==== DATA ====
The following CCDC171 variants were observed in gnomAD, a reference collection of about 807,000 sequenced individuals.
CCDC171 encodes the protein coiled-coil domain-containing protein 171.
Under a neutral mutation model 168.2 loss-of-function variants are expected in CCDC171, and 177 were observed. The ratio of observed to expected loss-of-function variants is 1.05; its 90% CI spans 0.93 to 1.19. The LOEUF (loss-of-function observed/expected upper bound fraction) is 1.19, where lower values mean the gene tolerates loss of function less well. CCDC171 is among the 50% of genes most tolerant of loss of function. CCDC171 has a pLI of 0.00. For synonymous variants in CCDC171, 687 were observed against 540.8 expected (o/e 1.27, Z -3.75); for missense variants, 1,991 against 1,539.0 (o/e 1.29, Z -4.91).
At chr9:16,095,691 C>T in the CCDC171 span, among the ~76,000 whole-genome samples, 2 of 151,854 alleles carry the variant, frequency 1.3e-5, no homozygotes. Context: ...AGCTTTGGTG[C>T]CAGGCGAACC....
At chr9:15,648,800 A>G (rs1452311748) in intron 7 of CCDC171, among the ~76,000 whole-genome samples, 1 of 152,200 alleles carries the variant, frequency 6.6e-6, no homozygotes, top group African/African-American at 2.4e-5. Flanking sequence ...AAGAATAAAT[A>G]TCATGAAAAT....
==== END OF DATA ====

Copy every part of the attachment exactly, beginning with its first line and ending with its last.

The following CCDC171 variants were observed in gnomAD, a reference collection of about 807,000 sequenced individuals.
CCDC171 encodes the protein coiled-coil domain-containing protein 171.
Under a neutral mutation model 168.2 loss-of-function variants are expected in CCDC171, and 177 were observed. The ratio of observed to expected loss-of-function variants is 1.05; its 90% CI spans 0.93 to 1.19. The LOEUF (loss-of-function observed/expected upper bound fraction) is 1.19, where lower values mean the gene tolerates loss of function less well. CCDC171 is among the 50% of genes most tolerant of loss of function. CCDC171 has a pLI of 0.00. For synonymous variants in CCDC171, 687 were observed against 540.8 expected (o/e 1.27, Z -3.75); for missense variants, 1,991 against 1,539.0 (o/e 1.29, Z -4.91).
At chr9:16,095,691 C>T in the CCDC171 span, among the ~76,000 whole-genome samples, 2 of 151,854 alleles carry the variant, frequency 1.3e-5, no homozygotes. Context: ...AGCTTTGGTG[C>T]CAGGCGAACC....
At chr9:15,648,800 A>G (rs1452311748) in intron 7 of CCDC171, among the ~76,000 whole-genome samples, 1 of 152,200 alleles carries the variant, frequency 6.6e-6, no homozygotes, top group African/African-American at 2.4e-5. Flanking sequence ...AAGAATAAAT[A>G]TCATGAAAAT....